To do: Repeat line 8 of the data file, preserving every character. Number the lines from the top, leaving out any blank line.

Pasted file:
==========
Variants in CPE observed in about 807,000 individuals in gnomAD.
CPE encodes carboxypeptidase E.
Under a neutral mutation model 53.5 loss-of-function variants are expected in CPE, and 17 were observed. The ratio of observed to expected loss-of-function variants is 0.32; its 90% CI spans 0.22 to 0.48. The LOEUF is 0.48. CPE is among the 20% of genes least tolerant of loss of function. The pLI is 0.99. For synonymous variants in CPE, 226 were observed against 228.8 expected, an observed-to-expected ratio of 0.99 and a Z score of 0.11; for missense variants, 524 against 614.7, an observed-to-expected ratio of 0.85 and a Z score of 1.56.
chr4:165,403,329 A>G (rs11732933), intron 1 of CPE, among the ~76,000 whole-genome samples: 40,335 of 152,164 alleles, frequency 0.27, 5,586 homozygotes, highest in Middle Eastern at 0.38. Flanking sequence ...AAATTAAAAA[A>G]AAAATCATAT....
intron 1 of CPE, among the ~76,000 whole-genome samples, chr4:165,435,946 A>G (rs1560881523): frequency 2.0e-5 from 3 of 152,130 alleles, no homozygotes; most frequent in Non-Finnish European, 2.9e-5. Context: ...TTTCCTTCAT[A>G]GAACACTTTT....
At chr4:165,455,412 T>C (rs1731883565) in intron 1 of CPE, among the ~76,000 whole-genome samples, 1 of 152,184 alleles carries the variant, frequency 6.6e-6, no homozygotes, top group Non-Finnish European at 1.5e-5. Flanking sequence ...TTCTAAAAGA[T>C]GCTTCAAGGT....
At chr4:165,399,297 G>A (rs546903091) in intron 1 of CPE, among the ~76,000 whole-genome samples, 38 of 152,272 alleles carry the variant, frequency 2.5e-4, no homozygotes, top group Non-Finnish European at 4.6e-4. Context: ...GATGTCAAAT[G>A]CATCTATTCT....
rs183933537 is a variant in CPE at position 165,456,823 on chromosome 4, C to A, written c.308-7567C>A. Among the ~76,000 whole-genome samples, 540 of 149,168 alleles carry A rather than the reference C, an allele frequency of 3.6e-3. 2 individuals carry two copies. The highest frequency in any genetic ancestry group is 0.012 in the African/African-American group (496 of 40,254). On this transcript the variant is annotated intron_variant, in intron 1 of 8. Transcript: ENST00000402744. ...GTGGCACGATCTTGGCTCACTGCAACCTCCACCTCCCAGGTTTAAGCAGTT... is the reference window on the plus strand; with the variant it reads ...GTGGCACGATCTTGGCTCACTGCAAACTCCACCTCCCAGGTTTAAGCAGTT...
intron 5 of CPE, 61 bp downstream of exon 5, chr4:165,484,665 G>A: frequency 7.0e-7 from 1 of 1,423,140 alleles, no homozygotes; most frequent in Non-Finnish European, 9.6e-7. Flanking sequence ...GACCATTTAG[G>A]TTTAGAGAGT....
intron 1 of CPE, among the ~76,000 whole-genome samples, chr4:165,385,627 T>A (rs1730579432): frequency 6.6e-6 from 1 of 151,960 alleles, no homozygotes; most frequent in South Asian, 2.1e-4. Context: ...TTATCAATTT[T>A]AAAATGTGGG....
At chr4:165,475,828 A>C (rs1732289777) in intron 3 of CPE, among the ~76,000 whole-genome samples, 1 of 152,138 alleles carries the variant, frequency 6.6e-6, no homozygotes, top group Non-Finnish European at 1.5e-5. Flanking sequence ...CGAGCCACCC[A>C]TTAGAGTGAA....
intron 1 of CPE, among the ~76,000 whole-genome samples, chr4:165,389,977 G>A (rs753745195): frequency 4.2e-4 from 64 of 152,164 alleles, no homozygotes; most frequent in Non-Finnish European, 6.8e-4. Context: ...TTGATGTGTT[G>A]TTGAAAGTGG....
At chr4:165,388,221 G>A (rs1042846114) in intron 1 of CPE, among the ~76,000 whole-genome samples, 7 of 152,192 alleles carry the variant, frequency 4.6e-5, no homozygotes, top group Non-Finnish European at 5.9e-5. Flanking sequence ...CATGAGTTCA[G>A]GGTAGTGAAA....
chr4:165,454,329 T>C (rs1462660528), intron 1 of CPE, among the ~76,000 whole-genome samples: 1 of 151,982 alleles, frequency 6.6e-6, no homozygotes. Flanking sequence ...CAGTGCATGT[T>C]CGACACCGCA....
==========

rs183933537 is a variant in CPE at position 165,456,823 on chromosome 4, C to A, written c.308-7567C>A. Among the ~76,000 whole-genome samples, 540 of 149,168 alleles carry A rather than the reference C, an allele frequency of 3.6e-3. 2 individuals carry two copies. The highest frequency in any genetic ancestry group is 0.012 in the African/African-American group (496 of 40,254). On this transcript the variant is annotated intron_variant, in intron 1 of 8. Transcript: ENST00000402744. ...GTGGCACGATCTTGGCTCACTGCAACCTCCACCTCCCAGGTTTAAGCAGTT... is the reference window on the plus strand; with the variant it reads ...GTGGCACGATCTTGGCTCACTGCAAACTCCACCTCCCAGGTTTAAGCAGTT...